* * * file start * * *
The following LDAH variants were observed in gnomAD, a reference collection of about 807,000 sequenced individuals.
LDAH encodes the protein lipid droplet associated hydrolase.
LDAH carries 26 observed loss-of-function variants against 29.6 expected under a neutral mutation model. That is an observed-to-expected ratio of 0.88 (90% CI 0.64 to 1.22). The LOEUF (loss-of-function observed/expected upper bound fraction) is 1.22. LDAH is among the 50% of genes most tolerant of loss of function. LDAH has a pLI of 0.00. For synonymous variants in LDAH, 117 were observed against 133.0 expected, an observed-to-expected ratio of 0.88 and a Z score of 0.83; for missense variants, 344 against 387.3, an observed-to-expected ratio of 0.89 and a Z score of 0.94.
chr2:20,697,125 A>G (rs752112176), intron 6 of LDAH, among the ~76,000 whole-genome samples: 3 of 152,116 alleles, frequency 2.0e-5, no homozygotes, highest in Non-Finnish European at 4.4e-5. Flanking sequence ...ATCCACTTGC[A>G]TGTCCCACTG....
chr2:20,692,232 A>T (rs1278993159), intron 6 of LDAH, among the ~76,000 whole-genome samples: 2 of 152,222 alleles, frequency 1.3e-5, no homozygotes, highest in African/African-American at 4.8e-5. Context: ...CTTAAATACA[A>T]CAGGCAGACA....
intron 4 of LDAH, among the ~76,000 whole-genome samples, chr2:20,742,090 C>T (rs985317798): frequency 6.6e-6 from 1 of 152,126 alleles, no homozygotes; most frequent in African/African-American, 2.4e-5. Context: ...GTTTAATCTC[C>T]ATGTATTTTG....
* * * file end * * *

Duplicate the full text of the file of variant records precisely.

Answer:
The following LDAH variants were observed in gnomAD, a reference collection of about 807,000 sequenced individuals.
LDAH encodes the protein lipid droplet associated hydrolase.
LDAH carries 26 observed loss-of-function variants against 29.6 expected under a neutral mutation model. That is an observed-to-expected ratio of 0.88 (90% CI 0.64 to 1.22). The LOEUF (loss-of-function observed/expected upper bound fraction) is 1.22. LDAH is among the 50% of genes most tolerant of loss of function. LDAH has a pLI of 0.00. For synonymous variants in LDAH, 117 were observed against 133.0 expected, an observed-to-expected ratio of 0.88 and a Z score of 0.83; for missense variants, 344 against 387.3, an observed-to-expected ratio of 0.89 and a Z score of 0.94.
chr2:20,697,125 A>G (rs752112176), intron 6 of LDAH, among the ~76,000 whole-genome samples: 3 of 152,116 alleles, frequency 2.0e-5, no homozygotes, highest in Non-Finnish European at 4.4e-5. Flanking sequence ...ATCCACTTGC[A>G]TGTCCCACTG....
chr2:20,692,232 A>T (rs1278993159), intron 6 of LDAH, among the ~76,000 whole-genome samples: 2 of 152,222 alleles, frequency 1.3e-5, no homozygotes, highest in African/African-American at 4.8e-5. Context: ...CTTAAATACA[A>T]CAGGCAGACA....
intron 4 of LDAH, among the ~76,000 whole-genome samples, chr2:20,742,090 C>T (rs985317798): frequency 6.6e-6 from 1 of 152,126 alleles, no homozygotes; most frequent in African/African-American, 2.4e-5. Context: ...GTTTAATCTC[C>T]ATGTATTTTG....